This article was written by Will Sullivan for the World Bank’s Global Partnership for Social AccountabilityThe original post is available online

Last spring, as Covid-19 began to spread across the planet, the MIT Governance Lab (MIT GOV/LAB) teamed up with the Institute for Governance Reform (IGR) and government partners in Sierra Leone to conduct national surveys that would help develop a data-driven response to the pandemic. 

As of 2017, 65% of people in Sierra Leone lived below the poverty line (less than $1.25 a day), so it was important that these surveys reached poorer citizens at risk of both catching the virus and running out of food and money during lockdowns. Many people in Sierra Leone are also difficult to contact because they have limited access to electricity and live in areas with weak phone service. The research team had to develop a plan for how to reach vulnerable people through multiple survey rounds, despite being uncertain if, when, or how the pandemic would spread across the country. 

How feedback from at-risk citizens in April shaped the pandemic response

The study began in April 2020 with a round of in-person surveying. The project was led by MIT Professor Lily L. Tsai, Stanford postdoc Leah Rosenzweig and IGR, and was planned in partnership with Sierra Leone’s Directorate of Science, Technology & Innovation, the Ministry of Finance’s Research & Delivery Division, and Statistics Sierra Leone. 

There were only a few dozen confirmed cases of Covid-19 nationwide at the time, and the field team, which was provided with PPE, used the survey as an opportunity to distribute hand-washing buckets, soap, and informational leaflets on Covid-19 to local chiefs.

The results from the first round, which was nationally representative, showed that 60% of respondents could not prepare and store more than three days of food at a time, and only 12% could prepare food for a week or more, suggesting that if Sierra Leone had long lockdowns, many people might run out of food.

While many other countries, including neighboring Liberia, enforced weeks-long lockdowns, Sierra Leone decided to limit lockdowns to three days. Andrew Lavali, IGR’s Executive Director, says that the IGR-MIT GOV/LAB survey results were “instrumental in making that decision” to continue with three-day lockdowns. 

The follow-up phone survey

Planning ahead for a remote follow-up

As Covid-19 began to spread, the research team decided that they would conduct the second round over the phone, even though many people had limited access to phones and cell service. To reach more of these people, the researchers gave away phones to 600 respondents and told them when they could expect a call during the next round, since the respondents might have to travel to an area with good service to receive the call.

Missing voices from the phone survey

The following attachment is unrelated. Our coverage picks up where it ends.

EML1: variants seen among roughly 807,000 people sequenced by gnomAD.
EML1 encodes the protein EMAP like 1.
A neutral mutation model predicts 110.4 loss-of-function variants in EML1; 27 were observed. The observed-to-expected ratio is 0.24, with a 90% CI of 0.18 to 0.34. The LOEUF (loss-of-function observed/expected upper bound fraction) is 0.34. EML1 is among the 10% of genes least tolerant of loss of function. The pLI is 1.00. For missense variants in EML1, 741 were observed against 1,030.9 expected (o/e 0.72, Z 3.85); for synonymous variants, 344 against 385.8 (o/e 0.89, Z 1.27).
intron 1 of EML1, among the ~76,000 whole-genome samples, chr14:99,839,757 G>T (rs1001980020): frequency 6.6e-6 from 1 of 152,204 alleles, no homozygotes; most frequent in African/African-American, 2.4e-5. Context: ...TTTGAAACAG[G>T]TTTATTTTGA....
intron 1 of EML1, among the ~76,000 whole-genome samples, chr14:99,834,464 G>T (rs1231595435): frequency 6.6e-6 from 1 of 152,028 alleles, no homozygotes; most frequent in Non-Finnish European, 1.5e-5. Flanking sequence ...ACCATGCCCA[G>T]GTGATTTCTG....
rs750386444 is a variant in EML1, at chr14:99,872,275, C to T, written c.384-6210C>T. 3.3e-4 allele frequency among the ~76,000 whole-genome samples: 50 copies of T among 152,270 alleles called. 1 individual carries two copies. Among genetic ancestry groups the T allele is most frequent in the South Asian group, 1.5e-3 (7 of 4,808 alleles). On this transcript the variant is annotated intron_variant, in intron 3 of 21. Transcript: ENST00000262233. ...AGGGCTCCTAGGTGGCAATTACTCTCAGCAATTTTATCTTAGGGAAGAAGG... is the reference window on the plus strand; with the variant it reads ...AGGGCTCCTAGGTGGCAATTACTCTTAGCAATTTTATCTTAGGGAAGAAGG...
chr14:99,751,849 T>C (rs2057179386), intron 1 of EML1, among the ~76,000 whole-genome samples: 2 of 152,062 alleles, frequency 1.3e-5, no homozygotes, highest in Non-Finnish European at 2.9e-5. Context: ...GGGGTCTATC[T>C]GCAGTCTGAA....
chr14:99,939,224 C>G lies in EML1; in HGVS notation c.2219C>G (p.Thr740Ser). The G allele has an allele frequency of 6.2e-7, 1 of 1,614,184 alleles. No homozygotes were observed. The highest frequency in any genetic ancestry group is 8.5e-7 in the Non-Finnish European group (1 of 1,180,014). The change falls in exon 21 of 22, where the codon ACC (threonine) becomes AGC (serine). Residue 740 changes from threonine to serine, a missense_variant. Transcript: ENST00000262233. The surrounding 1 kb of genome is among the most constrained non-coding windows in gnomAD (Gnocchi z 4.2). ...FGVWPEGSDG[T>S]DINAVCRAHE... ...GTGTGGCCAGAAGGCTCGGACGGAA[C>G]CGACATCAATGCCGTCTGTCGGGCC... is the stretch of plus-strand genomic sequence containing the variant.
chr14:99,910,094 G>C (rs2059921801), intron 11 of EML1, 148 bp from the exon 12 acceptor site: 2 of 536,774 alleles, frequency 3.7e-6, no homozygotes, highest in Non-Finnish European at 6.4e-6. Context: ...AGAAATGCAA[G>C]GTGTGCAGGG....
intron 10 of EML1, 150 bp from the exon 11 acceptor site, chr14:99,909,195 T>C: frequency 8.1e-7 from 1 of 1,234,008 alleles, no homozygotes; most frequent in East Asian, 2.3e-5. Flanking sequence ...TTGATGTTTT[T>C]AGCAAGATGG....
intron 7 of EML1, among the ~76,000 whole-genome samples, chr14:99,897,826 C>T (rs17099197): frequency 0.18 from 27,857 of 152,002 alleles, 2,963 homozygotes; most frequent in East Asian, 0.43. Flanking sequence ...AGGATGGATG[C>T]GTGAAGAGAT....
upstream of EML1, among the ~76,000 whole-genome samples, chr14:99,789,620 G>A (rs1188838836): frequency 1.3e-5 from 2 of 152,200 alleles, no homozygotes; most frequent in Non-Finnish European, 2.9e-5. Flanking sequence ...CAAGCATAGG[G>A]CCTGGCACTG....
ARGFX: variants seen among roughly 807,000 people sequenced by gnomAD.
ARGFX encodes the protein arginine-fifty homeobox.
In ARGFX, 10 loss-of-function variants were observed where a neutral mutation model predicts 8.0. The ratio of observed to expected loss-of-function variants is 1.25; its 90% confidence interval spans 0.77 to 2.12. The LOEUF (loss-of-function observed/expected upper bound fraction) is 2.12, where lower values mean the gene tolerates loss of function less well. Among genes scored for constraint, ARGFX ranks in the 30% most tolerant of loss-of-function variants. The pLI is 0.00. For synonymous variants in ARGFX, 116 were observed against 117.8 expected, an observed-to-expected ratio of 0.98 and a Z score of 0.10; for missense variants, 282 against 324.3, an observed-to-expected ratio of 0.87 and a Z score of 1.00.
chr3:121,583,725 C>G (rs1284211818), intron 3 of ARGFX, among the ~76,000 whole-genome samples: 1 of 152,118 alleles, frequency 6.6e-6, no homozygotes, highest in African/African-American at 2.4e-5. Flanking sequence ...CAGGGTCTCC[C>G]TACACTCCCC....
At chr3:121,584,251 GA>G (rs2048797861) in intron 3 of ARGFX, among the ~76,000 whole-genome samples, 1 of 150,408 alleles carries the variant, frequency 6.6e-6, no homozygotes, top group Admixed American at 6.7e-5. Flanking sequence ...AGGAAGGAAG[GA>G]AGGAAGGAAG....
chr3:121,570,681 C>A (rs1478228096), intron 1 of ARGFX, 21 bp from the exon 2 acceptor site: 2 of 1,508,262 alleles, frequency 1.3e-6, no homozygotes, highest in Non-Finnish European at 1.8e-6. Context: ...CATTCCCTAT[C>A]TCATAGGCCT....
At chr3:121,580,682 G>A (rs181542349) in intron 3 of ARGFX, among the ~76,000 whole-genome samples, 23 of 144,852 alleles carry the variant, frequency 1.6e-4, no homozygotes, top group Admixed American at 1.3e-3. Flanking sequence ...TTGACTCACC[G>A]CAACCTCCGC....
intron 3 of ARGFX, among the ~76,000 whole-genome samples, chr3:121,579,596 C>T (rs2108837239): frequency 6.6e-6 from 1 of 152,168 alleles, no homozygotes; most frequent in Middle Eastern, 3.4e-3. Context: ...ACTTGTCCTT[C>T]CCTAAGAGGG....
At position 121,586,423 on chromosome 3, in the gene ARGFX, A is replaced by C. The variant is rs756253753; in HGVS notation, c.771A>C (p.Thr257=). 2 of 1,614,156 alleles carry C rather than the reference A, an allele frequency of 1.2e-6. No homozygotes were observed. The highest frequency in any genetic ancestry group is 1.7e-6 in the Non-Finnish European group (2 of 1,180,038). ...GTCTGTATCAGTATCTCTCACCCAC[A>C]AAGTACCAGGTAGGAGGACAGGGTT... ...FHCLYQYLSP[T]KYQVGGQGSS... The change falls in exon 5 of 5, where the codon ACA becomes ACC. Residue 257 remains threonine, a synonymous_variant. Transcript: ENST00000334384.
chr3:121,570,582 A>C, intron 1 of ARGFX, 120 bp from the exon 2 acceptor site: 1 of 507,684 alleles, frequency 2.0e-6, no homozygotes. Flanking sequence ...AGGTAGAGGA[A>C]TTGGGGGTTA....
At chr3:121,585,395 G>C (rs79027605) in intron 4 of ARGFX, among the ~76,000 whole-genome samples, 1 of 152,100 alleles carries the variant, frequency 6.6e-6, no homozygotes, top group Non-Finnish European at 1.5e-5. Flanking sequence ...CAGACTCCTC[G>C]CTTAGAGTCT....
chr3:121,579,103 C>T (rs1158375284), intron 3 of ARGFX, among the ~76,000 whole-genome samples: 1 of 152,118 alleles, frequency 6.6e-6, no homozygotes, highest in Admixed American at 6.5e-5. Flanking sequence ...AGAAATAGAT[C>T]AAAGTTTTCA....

While the phone survey reached about half of the original respondents, a typical response rate for this type of survey, analysis by MIT GOV/LAB Research Affiliate Rodrigo Cordova-Ponce shows that the phone survey still undercounted some vulnerable groups, including people living in rural areas, as well as women and those with no schooling. People who went without food at least once in the week before the first survey were 7% less likely to be reached in the second round. Policy based on the phone survey alone might have not given enough weight to the needs of vulnerable people with little food. 

The challenges with making the phone survey representative 

Part of the reason why the phone survey didn’t reach as many at-risk people as hoped is that the survey team had only one-to-two-days to train enumerators and didn’t have time to check their data for accuracy, since they were trying to finish before the pandemic potentially spread more. As a result, some phone numbers were recorded incorrectly. Then, the phone survey took place later than anticipated. Fredline M’Cormack-Hale, Seton Hall University Associate Professor and IGR Research and Policy Director, said that after the scheduled window passed, people no longer knew when to expect the calls, so people in areas with poor service might not have been in an area with good service when the late calls came in. 

Finding those missed by the phone survey

The fact that the phone survey undercounted certain groups is “perfectly logical and to be expected.  Poorer people, rural people, women, these are often the populations that don’t have access to phones. There are just so many different reasons for their vulnerability,” says M’Cormack-Hale. 

The research team could see that they weren’t reaching as many at-risk people via phone as they had hoped, and by the summer, the pandemic hadn’t hit Sierra Leone nearly as hard as other countries. So they followed up with a second round of in-person surveying in mid-August, during which enumerators continued to take safety precautions, including wearing masks and practicing social distancing. After this follow-up, the researchers had significantly more responses from people overlooked by the phone survey, including those struggling with food insecurity. 

Lavali and M’Cormack-Hale both think that it will help in future surveys to verify phone numbers and stick to the schedule for calling back respondents. Rosenzweig also hypothesizes that checking in with respondents between survey rounds, rewarding people for responding to the phone survey, and providing respondents with solar phone chargers are all strategies that could make phone surveys more representative.

Ultimately, the goal is to make sure the survey includes people from vulnerable communities, so that new policies take into account their needs. 

Enumerator Binta Jalloh (left) surveys a respondent in the Port Loko District, Sierra Leone.